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I can’t tell you how many prospective clients come to me that are in the idea phase of starting their business. They think they need to talk to a marketing specialist, but there is so much to do “behind the scenes” before you are ready to market your business. If you are serious and ready to do the damn thing, you need to start with a strong foundation. Here is a quick rundown of everything you need to do to set your business up for success right out of the gate.
Write a Business Plan
Start with writing a business plan. This will force you to get crystal clear on what your business stands for, how it will make money, who your competitors are, what your target market looks like, how much money you need to make, and what it is going to cost to stay in business. Yes, it is a long, tedious process, but it is so, so worth it. This will help you get off on the right foot and create a sense of confidence and direction. There is a fabulous (and free) business plan template you can get here. It provides instructions throughout the entire template. This is the first step in turning your brilliant idea into an actual, money making business.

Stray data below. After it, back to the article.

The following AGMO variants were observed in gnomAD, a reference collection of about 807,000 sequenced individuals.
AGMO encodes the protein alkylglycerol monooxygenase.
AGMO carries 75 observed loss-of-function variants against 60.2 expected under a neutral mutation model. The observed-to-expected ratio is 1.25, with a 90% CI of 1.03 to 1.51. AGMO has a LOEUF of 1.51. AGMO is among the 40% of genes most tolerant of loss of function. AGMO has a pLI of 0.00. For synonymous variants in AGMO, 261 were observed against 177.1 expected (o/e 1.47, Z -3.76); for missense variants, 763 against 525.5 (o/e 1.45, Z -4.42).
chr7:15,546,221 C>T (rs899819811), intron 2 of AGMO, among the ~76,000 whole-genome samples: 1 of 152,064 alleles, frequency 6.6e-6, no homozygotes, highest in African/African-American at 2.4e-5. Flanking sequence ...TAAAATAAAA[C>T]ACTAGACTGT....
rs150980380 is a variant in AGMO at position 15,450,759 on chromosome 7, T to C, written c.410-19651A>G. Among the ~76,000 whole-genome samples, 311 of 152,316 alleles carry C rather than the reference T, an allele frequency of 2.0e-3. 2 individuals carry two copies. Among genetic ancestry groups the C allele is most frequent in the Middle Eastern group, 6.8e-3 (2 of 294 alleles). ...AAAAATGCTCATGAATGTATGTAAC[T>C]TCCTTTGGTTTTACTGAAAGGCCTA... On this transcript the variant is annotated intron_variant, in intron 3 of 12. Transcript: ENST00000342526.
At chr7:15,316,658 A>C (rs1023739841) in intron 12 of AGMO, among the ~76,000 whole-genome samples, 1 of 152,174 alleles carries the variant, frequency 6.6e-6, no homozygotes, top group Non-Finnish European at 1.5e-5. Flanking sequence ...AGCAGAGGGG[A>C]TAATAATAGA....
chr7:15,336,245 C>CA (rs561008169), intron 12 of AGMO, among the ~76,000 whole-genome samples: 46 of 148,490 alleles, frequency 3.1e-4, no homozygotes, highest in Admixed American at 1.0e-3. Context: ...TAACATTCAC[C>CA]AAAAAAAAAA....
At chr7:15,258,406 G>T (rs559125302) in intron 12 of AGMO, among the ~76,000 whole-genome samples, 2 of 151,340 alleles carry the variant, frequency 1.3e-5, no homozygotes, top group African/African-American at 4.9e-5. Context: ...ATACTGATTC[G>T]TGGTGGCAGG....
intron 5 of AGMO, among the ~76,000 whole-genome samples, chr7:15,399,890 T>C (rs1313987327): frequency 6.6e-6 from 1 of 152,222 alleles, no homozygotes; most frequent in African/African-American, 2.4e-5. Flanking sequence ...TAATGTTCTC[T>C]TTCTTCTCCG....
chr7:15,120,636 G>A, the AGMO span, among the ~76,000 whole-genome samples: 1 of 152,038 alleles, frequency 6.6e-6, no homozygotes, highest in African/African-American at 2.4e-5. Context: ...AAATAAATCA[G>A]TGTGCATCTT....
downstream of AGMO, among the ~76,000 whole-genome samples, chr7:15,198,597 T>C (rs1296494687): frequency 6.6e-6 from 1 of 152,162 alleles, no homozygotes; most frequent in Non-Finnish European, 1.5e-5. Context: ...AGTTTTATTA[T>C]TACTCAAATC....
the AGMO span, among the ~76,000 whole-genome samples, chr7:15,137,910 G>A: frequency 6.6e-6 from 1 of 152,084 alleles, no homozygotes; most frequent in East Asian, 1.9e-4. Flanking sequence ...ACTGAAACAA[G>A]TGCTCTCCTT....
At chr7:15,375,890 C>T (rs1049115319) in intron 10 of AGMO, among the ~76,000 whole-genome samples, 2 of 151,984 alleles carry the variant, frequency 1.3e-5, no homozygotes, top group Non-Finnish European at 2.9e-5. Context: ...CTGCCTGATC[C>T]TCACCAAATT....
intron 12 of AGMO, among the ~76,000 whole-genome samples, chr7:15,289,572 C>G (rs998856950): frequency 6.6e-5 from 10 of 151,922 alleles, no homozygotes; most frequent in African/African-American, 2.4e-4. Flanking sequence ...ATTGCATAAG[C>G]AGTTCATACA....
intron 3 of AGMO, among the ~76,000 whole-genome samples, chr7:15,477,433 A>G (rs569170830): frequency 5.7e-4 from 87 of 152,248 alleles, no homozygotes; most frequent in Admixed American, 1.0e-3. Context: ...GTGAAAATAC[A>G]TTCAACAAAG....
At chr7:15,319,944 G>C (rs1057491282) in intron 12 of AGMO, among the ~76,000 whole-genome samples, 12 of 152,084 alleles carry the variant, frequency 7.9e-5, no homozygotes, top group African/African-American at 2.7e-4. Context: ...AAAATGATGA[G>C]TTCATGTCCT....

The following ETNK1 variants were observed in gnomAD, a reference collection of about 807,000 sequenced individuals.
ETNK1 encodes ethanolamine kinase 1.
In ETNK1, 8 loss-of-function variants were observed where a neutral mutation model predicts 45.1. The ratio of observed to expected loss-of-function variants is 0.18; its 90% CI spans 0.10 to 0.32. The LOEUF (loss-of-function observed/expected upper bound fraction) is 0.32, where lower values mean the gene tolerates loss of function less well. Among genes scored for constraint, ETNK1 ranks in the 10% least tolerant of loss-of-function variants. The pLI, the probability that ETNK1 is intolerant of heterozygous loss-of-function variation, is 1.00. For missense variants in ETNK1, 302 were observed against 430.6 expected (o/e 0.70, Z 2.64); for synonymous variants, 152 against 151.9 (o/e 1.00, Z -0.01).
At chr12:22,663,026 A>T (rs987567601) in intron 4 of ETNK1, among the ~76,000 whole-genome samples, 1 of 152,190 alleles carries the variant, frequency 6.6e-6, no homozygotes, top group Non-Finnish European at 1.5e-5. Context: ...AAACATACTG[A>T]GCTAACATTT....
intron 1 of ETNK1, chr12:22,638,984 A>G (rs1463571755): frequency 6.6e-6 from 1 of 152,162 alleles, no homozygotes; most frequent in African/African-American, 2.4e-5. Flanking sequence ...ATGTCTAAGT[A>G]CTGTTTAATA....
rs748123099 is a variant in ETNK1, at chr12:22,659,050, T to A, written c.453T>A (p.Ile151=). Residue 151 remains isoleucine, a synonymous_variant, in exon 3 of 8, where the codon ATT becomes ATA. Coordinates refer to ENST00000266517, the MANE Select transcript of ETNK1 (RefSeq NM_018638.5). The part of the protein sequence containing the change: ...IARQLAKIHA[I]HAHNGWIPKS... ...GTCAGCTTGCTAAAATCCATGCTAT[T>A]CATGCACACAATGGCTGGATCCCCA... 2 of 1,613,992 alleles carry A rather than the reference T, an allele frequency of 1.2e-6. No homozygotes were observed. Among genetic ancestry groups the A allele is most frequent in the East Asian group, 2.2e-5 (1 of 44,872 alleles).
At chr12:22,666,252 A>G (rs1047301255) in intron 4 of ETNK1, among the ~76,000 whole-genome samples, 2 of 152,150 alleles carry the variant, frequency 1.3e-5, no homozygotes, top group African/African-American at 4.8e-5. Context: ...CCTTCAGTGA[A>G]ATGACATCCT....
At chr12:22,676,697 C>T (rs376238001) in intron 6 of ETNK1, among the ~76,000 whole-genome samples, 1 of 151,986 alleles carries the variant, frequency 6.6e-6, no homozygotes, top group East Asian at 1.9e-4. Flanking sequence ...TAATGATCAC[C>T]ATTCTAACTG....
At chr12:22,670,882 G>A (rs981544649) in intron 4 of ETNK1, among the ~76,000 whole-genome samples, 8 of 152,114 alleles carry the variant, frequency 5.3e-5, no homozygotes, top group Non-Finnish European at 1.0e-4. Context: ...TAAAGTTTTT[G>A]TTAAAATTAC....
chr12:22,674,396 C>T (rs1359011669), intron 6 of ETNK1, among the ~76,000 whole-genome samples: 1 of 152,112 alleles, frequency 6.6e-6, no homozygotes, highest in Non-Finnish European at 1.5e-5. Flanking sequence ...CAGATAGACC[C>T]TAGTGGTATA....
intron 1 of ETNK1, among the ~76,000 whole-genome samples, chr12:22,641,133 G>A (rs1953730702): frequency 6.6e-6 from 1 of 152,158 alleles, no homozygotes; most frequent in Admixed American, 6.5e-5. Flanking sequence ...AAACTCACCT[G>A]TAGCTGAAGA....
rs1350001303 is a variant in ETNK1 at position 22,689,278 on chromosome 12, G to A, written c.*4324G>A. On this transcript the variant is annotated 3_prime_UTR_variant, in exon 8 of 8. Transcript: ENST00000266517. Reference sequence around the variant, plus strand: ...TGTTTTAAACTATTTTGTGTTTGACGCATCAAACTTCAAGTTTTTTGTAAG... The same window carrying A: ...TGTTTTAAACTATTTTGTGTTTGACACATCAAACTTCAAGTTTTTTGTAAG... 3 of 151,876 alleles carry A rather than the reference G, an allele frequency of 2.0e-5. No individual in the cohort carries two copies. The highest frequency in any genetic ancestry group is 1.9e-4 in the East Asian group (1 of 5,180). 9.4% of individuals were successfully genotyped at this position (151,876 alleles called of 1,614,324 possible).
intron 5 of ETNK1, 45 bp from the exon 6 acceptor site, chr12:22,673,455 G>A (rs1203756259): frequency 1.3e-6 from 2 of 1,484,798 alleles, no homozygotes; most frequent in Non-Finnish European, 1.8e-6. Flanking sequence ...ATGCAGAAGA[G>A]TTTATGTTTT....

Choose a Business Structure
Protect yourself and your business by choosing a legal business entity. This is an important decision because it will affect how your business operates and how it is taxed. Some common business entities are as follows:
- Sole Proprietorship
- General Partnership
- Limited Liability Partnership (LLP)
- Limited Liability Company (LLC)
- Nonprofit Corporation
A Sole Proprietorship is one individual or married couple in business alone. Sole proprietorships are the most common form of business structure. This type of business is simple to form and operate, and may enjoy greater flexibility of management, fewer legal controls, and fewer taxes. However, the business owner is personally liable for all debts incurred by the business.